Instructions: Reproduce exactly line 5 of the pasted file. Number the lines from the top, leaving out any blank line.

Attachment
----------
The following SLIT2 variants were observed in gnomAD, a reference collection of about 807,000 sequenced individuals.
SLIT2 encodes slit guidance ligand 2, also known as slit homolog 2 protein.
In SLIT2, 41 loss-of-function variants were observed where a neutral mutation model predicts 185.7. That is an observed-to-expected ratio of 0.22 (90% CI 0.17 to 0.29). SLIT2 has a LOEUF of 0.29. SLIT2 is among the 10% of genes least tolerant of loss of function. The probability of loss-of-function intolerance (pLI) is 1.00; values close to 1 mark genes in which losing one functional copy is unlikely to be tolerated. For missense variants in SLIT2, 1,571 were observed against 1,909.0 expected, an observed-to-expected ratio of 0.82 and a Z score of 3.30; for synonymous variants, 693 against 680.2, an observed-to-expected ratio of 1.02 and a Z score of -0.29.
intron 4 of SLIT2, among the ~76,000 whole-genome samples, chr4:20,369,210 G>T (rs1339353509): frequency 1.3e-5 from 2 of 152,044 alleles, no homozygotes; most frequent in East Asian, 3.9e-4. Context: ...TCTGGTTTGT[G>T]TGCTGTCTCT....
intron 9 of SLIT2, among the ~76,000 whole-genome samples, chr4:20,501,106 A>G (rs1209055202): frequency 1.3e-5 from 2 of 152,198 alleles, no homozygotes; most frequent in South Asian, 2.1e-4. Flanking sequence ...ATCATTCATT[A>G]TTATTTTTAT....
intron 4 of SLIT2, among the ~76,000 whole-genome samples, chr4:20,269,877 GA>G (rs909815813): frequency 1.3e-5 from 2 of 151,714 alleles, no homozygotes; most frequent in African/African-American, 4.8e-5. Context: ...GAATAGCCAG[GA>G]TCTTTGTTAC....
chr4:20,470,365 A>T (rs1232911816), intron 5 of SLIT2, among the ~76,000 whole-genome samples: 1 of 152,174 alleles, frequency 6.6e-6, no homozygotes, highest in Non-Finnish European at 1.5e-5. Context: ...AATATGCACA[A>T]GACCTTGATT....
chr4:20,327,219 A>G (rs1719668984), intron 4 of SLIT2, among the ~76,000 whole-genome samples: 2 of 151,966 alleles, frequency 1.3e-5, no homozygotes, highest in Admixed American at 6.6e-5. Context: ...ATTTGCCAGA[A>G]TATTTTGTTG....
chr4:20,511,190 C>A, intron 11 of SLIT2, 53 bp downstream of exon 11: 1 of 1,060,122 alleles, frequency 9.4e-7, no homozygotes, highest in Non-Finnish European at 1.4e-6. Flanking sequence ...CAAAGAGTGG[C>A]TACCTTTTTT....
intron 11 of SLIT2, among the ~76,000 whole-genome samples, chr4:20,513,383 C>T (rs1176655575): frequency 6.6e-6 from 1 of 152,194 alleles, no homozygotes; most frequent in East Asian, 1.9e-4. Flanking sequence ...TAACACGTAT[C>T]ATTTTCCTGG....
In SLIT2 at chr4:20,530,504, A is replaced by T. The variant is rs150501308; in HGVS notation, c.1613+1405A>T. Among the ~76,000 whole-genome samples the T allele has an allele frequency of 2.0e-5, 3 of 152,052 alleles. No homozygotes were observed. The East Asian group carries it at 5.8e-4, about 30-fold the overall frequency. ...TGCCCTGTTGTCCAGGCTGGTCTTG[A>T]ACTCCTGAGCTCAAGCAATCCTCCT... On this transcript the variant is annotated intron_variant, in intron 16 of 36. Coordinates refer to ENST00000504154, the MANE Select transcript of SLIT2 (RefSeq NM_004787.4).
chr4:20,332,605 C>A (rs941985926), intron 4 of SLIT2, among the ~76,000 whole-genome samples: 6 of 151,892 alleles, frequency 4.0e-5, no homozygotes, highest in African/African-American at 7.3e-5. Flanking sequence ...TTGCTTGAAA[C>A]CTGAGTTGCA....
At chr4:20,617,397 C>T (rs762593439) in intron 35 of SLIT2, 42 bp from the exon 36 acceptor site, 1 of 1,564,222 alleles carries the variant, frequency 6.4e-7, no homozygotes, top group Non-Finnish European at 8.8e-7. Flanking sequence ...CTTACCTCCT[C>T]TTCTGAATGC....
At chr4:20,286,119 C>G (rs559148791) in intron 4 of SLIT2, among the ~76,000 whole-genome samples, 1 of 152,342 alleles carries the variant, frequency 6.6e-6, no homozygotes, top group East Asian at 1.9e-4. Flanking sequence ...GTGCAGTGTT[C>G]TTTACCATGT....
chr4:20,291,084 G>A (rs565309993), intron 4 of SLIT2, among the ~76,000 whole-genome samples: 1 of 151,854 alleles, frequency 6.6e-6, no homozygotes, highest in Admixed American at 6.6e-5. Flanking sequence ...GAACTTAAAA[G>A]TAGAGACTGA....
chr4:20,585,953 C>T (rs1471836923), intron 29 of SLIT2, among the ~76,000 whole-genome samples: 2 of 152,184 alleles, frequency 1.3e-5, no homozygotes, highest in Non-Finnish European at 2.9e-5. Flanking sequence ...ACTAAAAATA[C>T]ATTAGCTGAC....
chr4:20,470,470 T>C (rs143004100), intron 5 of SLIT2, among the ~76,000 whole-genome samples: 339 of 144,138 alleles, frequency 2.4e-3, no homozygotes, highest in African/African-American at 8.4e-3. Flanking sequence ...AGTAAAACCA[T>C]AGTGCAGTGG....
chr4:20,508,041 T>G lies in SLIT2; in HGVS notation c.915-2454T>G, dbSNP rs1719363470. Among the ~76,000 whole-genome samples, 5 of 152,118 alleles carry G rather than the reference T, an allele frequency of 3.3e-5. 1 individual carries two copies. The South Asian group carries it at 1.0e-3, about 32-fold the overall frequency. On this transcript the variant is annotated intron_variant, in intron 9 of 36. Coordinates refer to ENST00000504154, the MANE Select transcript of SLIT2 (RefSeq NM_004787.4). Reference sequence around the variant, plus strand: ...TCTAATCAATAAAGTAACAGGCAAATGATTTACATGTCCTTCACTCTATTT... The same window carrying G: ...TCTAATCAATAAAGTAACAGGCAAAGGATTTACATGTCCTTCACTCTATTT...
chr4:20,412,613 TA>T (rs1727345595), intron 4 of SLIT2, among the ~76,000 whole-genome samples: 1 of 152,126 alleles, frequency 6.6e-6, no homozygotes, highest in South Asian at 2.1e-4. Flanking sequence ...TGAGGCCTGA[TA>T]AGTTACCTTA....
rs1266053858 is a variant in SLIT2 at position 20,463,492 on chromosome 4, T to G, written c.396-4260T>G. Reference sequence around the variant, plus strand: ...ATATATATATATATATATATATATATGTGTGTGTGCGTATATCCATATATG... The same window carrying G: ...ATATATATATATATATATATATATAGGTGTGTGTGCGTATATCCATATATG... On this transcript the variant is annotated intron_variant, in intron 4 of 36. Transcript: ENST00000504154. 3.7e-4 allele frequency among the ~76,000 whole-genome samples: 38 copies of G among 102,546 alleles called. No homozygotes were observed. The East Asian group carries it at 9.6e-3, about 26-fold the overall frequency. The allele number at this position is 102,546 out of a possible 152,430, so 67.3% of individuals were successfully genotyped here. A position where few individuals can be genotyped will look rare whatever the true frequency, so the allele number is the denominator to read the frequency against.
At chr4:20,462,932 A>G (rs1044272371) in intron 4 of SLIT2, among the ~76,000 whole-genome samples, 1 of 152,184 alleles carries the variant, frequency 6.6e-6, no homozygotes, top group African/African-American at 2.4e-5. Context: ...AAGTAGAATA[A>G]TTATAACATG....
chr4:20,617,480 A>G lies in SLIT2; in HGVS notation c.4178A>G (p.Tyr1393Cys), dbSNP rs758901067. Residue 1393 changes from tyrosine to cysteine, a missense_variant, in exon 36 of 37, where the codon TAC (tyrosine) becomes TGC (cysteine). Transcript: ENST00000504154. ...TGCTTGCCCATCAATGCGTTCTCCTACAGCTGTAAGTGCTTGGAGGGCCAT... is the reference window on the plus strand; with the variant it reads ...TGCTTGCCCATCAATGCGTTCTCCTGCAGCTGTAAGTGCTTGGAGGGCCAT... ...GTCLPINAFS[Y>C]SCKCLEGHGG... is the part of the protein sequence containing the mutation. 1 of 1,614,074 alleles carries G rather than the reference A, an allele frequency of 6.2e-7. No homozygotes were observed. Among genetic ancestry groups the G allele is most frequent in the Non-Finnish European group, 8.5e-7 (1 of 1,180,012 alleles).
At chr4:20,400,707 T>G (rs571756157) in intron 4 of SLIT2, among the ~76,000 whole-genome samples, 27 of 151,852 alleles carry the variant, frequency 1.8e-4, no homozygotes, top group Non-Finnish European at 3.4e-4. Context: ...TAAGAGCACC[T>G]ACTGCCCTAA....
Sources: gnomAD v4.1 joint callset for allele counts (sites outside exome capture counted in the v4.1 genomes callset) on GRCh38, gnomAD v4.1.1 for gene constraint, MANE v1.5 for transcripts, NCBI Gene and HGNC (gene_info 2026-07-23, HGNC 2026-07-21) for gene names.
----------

intron 9 of SLIT2, among the ~76,000 whole-genome samples, chr4:20,501,106 A>G (rs1209055202): frequency 1.3e-5 from 2 of 152,198 alleles, no homozygotes; most frequent in South Asian, 2.1e-4. Flanking sequence ...ATCATTCATT[A>G]TTATTTTTAT....